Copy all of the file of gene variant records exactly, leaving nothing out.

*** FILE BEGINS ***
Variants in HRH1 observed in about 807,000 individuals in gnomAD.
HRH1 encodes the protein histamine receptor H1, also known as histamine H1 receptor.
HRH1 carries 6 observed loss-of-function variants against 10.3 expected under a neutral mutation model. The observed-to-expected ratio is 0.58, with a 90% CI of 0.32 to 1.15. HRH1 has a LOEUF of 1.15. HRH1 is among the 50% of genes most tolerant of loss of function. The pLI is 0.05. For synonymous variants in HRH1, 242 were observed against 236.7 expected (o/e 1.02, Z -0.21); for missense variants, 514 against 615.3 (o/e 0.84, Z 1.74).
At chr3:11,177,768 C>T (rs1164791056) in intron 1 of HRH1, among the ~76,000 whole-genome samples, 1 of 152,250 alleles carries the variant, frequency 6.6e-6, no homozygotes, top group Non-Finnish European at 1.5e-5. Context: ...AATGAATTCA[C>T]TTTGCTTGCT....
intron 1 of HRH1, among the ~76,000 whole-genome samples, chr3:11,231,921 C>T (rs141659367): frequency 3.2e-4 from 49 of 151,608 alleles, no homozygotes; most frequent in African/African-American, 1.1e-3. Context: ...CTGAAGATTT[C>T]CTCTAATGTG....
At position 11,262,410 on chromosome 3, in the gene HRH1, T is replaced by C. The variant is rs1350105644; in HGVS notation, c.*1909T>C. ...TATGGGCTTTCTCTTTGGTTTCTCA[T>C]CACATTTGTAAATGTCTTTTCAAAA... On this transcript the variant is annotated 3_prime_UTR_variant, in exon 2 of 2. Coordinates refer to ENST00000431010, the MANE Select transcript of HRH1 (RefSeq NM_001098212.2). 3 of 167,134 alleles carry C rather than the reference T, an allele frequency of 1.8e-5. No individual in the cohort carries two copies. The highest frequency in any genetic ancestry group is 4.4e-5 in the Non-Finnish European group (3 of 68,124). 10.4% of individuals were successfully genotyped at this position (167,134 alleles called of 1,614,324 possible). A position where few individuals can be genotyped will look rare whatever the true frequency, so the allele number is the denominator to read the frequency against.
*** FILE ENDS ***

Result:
Variants in HRH1 observed in about 807,000 individuals in gnomAD.
HRH1 encodes the protein histamine receptor H1, also known as histamine H1 receptor.
HRH1 carries 6 observed loss-of-function variants against 10.3 expected under a neutral mutation model. The observed-to-expected ratio is 0.58, with a 90% CI of 0.32 to 1.15. HRH1 has a LOEUF of 1.15. HRH1 is among the 50% of genes most tolerant of loss of function. The pLI is 0.05. For synonymous variants in HRH1, 242 were observed against 236.7 expected (o/e 1.02, Z -0.21); for missense variants, 514 against 615.3 (o/e 0.84, Z 1.74).
At chr3:11,177,768 C>T (rs1164791056) in intron 1 of HRH1, among the ~76,000 whole-genome samples, 1 of 152,250 alleles carries the variant, frequency 6.6e-6, no homozygotes, top group Non-Finnish European at 1.5e-5. Context: ...AATGAATTCA[C>T]TTTGCTTGCT....
intron 1 of HRH1, among the ~76,000 whole-genome samples, chr3:11,231,921 C>T (rs141659367): frequency 3.2e-4 from 49 of 151,608 alleles, no homozygotes; most frequent in African/African-American, 1.1e-3. Context: ...CTGAAGATTT[C>T]CTCTAATGTG....
At position 11,262,410 on chromosome 3, in the gene HRH1, T is replaced by C. The variant is rs1350105644; in HGVS notation, c.*1909T>C. ...TATGGGCTTTCTCTTTGGTTTCTCA[T>C]CACATTTGTAAATGTCTTTTCAAAA... On this transcript the variant is annotated 3_prime_UTR_variant, in exon 2 of 2. Coordinates refer to ENST00000431010, the MANE Select transcript of HRH1 (RefSeq NM_001098212.2). 3 of 167,134 alleles carry C rather than the reference T, an allele frequency of 1.8e-5. No individual in the cohort carries two copies. The highest frequency in any genetic ancestry group is 4.4e-5 in the Non-Finnish European group (3 of 68,124). 10.4% of individuals were successfully genotyped at this position (167,134 alleles called of 1,614,324 possible). A position where few individuals can be genotyped will look rare whatever the true frequency, so the allele number is the denominator to read the frequency against.